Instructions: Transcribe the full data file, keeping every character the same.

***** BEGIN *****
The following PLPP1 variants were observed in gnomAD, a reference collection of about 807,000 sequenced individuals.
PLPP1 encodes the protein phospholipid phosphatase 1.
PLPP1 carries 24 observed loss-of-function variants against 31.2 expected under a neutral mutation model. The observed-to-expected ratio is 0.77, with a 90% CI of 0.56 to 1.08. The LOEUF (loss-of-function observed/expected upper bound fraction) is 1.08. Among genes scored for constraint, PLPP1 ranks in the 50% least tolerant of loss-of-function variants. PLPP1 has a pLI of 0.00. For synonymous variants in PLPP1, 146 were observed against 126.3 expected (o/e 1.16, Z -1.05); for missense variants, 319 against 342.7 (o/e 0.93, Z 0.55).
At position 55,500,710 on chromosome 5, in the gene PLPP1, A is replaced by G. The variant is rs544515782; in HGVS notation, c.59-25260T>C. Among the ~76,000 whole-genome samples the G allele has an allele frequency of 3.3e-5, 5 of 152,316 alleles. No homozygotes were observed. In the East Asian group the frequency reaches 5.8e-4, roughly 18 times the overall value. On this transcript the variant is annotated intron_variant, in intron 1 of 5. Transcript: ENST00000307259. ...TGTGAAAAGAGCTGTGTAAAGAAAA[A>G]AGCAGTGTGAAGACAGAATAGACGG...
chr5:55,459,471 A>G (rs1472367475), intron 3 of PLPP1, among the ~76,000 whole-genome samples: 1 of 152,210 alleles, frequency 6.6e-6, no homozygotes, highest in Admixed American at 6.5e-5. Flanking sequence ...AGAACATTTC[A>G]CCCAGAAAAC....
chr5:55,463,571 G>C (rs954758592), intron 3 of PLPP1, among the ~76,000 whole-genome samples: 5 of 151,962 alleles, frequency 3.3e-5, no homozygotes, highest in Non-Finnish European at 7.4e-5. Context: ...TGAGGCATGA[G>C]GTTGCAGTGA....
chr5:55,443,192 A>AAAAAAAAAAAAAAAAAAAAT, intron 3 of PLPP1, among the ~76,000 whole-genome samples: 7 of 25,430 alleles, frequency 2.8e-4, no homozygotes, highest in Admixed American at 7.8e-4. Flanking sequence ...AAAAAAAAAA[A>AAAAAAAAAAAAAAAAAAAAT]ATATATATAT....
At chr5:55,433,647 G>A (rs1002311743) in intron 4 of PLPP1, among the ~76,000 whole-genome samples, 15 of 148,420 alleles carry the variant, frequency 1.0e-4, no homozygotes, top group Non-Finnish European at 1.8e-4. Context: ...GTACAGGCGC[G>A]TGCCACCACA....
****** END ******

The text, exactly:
The following PLPP1 variants were observed in gnomAD, a reference collection of about 807,000 sequenced individuals.
PLPP1 encodes the protein phospholipid phosphatase 1.
PLPP1 carries 24 observed loss-of-function variants against 31.2 expected under a neutral mutation model. The observed-to-expected ratio is 0.77, with a 90% CI of 0.56 to 1.08. The LOEUF (loss-of-function observed/expected upper bound fraction) is 1.08. Among genes scored for constraint, PLPP1 ranks in the 50% least tolerant of loss-of-function variants. PLPP1 has a pLI of 0.00. For synonymous variants in PLPP1, 146 were observed against 126.3 expected (o/e 1.16, Z -1.05); for missense variants, 319 against 342.7 (o/e 0.93, Z 0.55).
At position 55,500,710 on chromosome 5, in the gene PLPP1, A is replaced by G. The variant is rs544515782; in HGVS notation, c.59-25260T>C. Among the ~76,000 whole-genome samples the G allele has an allele frequency of 3.3e-5, 5 of 152,316 alleles. No homozygotes were observed. In the East Asian group the frequency reaches 5.8e-4, roughly 18 times the overall value. On this transcript the variant is annotated intron_variant, in intron 1 of 5. Transcript: ENST00000307259. ...TGTGAAAAGAGCTGTGTAAAGAAAA[A>G]AGCAGTGTGAAGACAGAATAGACGG...
chr5:55,459,471 A>G (rs1472367475), intron 3 of PLPP1, among the ~76,000 whole-genome samples: 1 of 152,210 alleles, frequency 6.6e-6, no homozygotes, highest in Admixed American at 6.5e-5. Flanking sequence ...AGAACATTTC[A>G]CCCAGAAAAC....
chr5:55,463,571 G>C (rs954758592), intron 3 of PLPP1, among the ~76,000 whole-genome samples: 5 of 151,962 alleles, frequency 3.3e-5, no homozygotes, highest in Non-Finnish European at 7.4e-5. Context: ...TGAGGCATGA[G>C]GTTGCAGTGA....
chr5:55,443,192 A>AAAAAAAAAAAAAAAAAAAAT, intron 3 of PLPP1, among the ~76,000 whole-genome samples: 7 of 25,430 alleles, frequency 2.8e-4, no homozygotes, highest in Admixed American at 7.8e-4. Flanking sequence ...AAAAAAAAAA[A>AAAAAAAAAAAAAAAAAAAAT]ATATATATAT....
At chr5:55,433,647 G>A (rs1002311743) in intron 4 of PLPP1, among the ~76,000 whole-genome samples, 15 of 148,420 alleles carry the variant, frequency 1.0e-4, no homozygotes, top group Non-Finnish European at 1.8e-4. Context: ...GTACAGGCGC[G>A]TGCCACCACA....